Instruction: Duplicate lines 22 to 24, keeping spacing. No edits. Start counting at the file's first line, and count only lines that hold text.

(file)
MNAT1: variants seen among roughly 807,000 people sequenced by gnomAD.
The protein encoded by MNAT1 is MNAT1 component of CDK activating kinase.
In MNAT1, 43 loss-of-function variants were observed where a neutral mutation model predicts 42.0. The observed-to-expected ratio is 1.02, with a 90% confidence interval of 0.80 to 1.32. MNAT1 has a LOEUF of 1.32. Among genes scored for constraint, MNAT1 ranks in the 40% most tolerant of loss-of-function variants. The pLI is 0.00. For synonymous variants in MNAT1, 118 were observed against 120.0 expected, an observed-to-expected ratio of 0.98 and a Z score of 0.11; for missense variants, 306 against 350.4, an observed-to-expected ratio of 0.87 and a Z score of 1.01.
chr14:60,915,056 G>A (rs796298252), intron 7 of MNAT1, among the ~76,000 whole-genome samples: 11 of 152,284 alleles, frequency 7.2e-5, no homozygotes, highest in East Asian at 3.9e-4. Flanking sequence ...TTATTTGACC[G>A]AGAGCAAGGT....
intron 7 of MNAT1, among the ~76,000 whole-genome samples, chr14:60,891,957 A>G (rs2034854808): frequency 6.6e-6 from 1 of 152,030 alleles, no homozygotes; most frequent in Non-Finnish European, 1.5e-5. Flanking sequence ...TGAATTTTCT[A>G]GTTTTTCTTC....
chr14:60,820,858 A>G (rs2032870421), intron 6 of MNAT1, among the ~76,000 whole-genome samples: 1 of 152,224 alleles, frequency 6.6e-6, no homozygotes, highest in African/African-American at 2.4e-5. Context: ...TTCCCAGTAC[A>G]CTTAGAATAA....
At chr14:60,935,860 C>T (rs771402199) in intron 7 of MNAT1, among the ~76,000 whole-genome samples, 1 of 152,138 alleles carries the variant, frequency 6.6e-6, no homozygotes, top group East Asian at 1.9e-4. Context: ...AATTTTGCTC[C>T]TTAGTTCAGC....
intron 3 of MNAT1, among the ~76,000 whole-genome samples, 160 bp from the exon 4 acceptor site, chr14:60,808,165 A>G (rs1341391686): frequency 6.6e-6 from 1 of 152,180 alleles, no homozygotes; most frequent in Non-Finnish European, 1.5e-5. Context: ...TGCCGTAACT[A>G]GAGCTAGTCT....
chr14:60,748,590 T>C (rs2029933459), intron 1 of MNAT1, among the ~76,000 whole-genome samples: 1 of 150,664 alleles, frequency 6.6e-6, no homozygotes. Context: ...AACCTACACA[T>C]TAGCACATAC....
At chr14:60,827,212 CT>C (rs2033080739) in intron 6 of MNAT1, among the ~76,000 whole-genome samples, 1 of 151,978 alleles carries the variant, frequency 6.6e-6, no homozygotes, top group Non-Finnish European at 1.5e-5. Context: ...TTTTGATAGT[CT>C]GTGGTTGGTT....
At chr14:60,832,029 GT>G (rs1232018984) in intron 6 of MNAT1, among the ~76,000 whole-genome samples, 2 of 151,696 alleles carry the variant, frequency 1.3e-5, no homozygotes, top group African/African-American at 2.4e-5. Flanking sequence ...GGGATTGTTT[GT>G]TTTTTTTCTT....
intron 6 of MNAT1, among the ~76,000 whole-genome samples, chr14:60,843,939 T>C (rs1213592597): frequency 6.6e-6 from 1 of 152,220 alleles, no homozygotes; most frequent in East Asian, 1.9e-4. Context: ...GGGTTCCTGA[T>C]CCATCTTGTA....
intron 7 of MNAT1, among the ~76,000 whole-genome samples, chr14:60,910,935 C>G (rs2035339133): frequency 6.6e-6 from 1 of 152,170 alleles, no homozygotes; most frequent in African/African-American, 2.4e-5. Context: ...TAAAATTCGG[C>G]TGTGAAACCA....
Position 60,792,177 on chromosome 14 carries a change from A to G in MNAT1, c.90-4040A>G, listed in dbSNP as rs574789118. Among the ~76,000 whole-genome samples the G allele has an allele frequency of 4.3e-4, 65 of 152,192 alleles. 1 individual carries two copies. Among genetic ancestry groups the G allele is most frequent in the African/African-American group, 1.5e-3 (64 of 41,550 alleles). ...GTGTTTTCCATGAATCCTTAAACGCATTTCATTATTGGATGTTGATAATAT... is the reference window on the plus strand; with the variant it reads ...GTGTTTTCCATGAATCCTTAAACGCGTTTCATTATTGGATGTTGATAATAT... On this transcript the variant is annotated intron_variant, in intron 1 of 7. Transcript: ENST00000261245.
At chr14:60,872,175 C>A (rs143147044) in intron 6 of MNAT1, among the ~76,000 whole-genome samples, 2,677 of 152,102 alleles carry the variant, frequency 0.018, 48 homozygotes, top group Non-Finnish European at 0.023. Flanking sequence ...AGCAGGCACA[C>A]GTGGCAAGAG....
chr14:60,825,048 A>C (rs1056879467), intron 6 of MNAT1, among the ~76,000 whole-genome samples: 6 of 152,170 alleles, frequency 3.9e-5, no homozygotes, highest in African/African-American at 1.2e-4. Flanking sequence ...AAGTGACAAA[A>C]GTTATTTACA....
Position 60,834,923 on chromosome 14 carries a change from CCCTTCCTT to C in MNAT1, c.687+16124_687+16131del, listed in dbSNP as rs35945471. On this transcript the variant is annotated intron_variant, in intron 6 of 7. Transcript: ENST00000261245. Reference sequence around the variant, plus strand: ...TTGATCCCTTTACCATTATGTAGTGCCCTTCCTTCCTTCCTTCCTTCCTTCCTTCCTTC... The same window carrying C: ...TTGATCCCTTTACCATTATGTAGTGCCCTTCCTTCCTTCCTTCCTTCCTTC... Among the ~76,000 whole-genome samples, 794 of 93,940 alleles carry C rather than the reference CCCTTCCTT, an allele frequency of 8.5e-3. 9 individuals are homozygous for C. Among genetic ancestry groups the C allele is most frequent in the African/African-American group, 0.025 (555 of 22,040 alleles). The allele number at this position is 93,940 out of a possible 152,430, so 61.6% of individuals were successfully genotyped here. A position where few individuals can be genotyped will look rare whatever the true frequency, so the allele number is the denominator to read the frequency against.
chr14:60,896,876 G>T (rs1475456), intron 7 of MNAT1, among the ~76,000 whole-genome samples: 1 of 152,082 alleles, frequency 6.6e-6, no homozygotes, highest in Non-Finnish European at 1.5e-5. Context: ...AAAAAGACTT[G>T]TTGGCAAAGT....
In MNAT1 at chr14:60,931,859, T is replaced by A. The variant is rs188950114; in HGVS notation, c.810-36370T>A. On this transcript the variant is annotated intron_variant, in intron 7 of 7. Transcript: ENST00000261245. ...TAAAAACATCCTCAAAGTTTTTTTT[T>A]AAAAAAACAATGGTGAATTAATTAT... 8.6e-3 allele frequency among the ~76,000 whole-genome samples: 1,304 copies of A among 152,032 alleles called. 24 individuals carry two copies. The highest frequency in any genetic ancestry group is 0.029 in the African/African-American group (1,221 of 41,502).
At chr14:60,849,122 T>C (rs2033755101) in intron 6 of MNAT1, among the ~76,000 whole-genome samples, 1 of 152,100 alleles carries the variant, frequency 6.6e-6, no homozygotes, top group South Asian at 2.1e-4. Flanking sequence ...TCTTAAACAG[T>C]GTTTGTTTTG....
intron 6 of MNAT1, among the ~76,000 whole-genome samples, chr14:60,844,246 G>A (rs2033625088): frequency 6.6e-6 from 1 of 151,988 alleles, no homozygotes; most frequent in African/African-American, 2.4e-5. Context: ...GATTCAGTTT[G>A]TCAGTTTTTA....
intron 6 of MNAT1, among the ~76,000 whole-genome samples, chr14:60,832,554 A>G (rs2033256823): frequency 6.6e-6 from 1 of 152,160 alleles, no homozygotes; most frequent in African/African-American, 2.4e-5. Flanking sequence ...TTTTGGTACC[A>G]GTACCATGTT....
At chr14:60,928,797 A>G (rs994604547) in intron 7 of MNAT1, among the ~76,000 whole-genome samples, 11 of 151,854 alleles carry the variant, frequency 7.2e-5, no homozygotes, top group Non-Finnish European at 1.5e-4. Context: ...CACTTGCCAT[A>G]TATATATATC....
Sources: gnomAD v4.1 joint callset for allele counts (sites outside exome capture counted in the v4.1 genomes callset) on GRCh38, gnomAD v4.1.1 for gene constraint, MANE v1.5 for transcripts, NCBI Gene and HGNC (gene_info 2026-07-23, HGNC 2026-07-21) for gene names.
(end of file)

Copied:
intron 6 of MNAT1, among the ~76,000 whole-genome samples, chr14:60,832,554 A>G (rs2033256823): frequency 6.6e-6 from 1 of 152,160 alleles, no homozygotes; most frequent in African/African-American, 2.4e-5. Flanking sequence ...TTTTGGTACC[A>G]GTACCATGTT....
At chr14:60,928,797 A>G (rs994604547) in intron 7 of MNAT1, among the ~76,000 whole-genome samples, 11 of 151,854 alleles carry the variant, frequency 7.2e-5, no homozygotes, top group Non-Finnish European at 1.5e-4. Context: ...CACTTGCCAT[A>G]TATATATATC....
Sources: gnomAD v4.1 joint callset for allele counts (sites outside exome capture counted in the v4.1 genomes callset) on GRCh38, gnomAD v4.1.1 for gene constraint, MANE v1.5 for transcripts, NCBI Gene and HGNC (gene_info 2026-07-23, HGNC 2026-07-21) for gene names.